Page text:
Over the last 18 years, starting when the Arta Somalia political conference was held in Djibouti in 2000, there have been 11 governments, transitional and permanent (since 2012) including the FRS in Somalia. The high turnovers of government can be explained by the country’s political structure.
The current guiding ideology of the Federal Republic of Somalia is the 4.5 formula. Representation is allocated due to this formula. The seats in parliament are divided along these lines, the cabinet must follow this structure and all other matters relating to state must always have this ratio as the starting point. So, what is this 4.5 formula then?
Simply put, the 4.5 formula is the division of the Somali population into five groups along clan lines, where four of the five groups are the “major clans” where as the fifth group includes all other clans and peoples not covered by the first four groups. This coalition group is worth half the value of each of the other four groups in terms of political representation. Hence the name.
Like most problems to plague the Somali nation in modern times, the 4.5 formula finds its origin in the collapse of the Somali state in January 1991 following the ouster of the ruling dictator Mohamed Siad Barre. While Somalis generally began resenting the military government in the early 80s, the hatred entrenched itself once the regime started using organised violence against clans whose members were part of the rebel movements (which incidentally included most Somali clans, including the president’s own).
When the government fell, the victorious clans in the capital embarked on a revenge campaign directed at the Darod clan of the president (although the regime included representatives from all clans). This led to a Darod exodus from Mogadishu, and eventually, other clans as well. Since the capital was Mogadishu, the seat of government where all state power was concentrated, most of the bloodiest battles took place there. What all of these groups had failed to foresee was that the state would cease to exist and there would be nothing left to exercise hegemony through. By the time they were done fighting each other, there was no state left to rule.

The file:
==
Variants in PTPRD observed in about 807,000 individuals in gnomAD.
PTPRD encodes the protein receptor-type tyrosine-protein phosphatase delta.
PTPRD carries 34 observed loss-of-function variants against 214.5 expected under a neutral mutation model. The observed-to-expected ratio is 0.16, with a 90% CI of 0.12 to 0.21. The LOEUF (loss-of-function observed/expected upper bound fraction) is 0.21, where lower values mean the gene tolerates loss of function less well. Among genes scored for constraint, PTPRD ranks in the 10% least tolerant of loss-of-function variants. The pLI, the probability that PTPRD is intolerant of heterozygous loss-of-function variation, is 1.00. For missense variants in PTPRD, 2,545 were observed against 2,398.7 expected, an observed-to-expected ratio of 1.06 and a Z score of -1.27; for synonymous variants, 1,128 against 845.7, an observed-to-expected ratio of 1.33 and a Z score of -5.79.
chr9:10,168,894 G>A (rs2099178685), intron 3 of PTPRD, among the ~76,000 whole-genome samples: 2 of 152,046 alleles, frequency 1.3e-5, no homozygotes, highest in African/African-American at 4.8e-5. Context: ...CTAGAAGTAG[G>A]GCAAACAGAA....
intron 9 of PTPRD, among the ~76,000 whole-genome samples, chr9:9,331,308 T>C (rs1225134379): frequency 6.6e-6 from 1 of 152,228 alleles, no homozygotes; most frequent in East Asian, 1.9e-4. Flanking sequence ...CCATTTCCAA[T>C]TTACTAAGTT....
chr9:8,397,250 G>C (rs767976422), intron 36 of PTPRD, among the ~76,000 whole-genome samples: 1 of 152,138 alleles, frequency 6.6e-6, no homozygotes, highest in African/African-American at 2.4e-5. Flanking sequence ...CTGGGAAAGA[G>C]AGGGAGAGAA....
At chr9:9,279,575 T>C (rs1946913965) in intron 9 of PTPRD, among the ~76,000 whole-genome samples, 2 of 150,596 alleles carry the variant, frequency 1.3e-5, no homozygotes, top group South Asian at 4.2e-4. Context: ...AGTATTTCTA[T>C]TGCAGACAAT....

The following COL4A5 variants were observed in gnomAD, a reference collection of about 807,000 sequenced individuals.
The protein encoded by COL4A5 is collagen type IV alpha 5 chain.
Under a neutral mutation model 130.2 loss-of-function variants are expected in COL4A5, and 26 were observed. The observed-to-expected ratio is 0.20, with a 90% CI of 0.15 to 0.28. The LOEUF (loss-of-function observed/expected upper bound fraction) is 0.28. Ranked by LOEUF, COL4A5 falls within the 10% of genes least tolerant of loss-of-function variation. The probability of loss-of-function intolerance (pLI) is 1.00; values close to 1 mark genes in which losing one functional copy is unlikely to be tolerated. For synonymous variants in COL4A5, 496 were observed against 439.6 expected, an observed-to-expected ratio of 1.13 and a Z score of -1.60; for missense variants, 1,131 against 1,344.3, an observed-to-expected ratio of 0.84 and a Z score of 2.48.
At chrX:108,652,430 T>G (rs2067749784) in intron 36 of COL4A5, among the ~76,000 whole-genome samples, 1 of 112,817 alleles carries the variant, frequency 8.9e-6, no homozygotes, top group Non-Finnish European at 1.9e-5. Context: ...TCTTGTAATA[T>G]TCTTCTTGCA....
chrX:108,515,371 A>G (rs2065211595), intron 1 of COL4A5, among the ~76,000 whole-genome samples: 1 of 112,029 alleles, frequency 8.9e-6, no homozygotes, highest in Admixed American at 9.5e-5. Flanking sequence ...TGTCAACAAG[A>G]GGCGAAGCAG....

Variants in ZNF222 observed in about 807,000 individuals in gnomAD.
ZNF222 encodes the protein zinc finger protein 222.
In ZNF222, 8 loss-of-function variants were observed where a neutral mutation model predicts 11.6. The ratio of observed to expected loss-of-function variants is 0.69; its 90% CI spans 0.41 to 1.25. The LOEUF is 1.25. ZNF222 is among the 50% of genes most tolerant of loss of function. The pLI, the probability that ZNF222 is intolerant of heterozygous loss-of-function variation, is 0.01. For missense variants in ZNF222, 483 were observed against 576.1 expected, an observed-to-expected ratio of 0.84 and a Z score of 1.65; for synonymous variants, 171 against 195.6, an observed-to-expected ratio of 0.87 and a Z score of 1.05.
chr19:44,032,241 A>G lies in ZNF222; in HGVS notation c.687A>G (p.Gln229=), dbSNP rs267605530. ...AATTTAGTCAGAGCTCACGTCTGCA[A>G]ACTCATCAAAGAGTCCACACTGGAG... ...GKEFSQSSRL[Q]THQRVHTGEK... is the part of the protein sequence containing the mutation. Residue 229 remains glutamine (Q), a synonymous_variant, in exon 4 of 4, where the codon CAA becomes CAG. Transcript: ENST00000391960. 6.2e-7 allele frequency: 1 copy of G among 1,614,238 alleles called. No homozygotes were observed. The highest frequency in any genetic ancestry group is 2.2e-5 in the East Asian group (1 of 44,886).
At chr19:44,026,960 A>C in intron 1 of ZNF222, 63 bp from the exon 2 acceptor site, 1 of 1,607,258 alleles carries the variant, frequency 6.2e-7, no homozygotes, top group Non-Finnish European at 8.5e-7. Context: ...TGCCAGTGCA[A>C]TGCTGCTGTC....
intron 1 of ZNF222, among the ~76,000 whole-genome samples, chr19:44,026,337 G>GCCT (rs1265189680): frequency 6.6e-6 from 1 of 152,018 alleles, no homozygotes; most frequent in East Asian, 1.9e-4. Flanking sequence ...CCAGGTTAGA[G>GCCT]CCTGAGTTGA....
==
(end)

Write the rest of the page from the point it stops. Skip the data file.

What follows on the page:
The 4 Major Clan groups are the Darood, Dir, Hawiye, and Digil-Mirifle also known as Rahanweyn. The Dir group also includes the Isaaq clan which is the dominant force in Somaliland in the north. The 0.5 Clan or ‘Others’ groups include, but are not limited to: Madhibaan (Midgaan), Yaxar, Tumaal, Ogeyslabe, and Yibir, and other ethnically non-Somali people, such as Eeyle, Jareerweyne (Somali Bantus), Reer Xamar, Reer Baraawe and other Banaadiri clans.
The 0.5 share allocation for the “minor clans” is reflective of the general treatment meted out to members of these clans in all aspects of life. For example, many members of the so-called major clans refuse to intermarry with the 0.5 groups, to the extent where members are disowned by families if they do go ahead.
The 4.5 formula, which ostensibly was meant to provide much needed stability to Somalia, has been counterproductive and detrimental to the development of the country. Because political power in the country is divided based on clan affiliation, clan allegiance has become more important than loyalty to the state.
The Somali state cannot be revived unless the people themselves are allowed to decide how they want to be governed. The so-called clan representative should allow the people to freely express their political choices rather than always claiming to speak for them. Until the Somalis completely eradicate the abomination that is the 4.5 formula, there is no hope for the Somali state. And no one is to blame for that but the Somali people.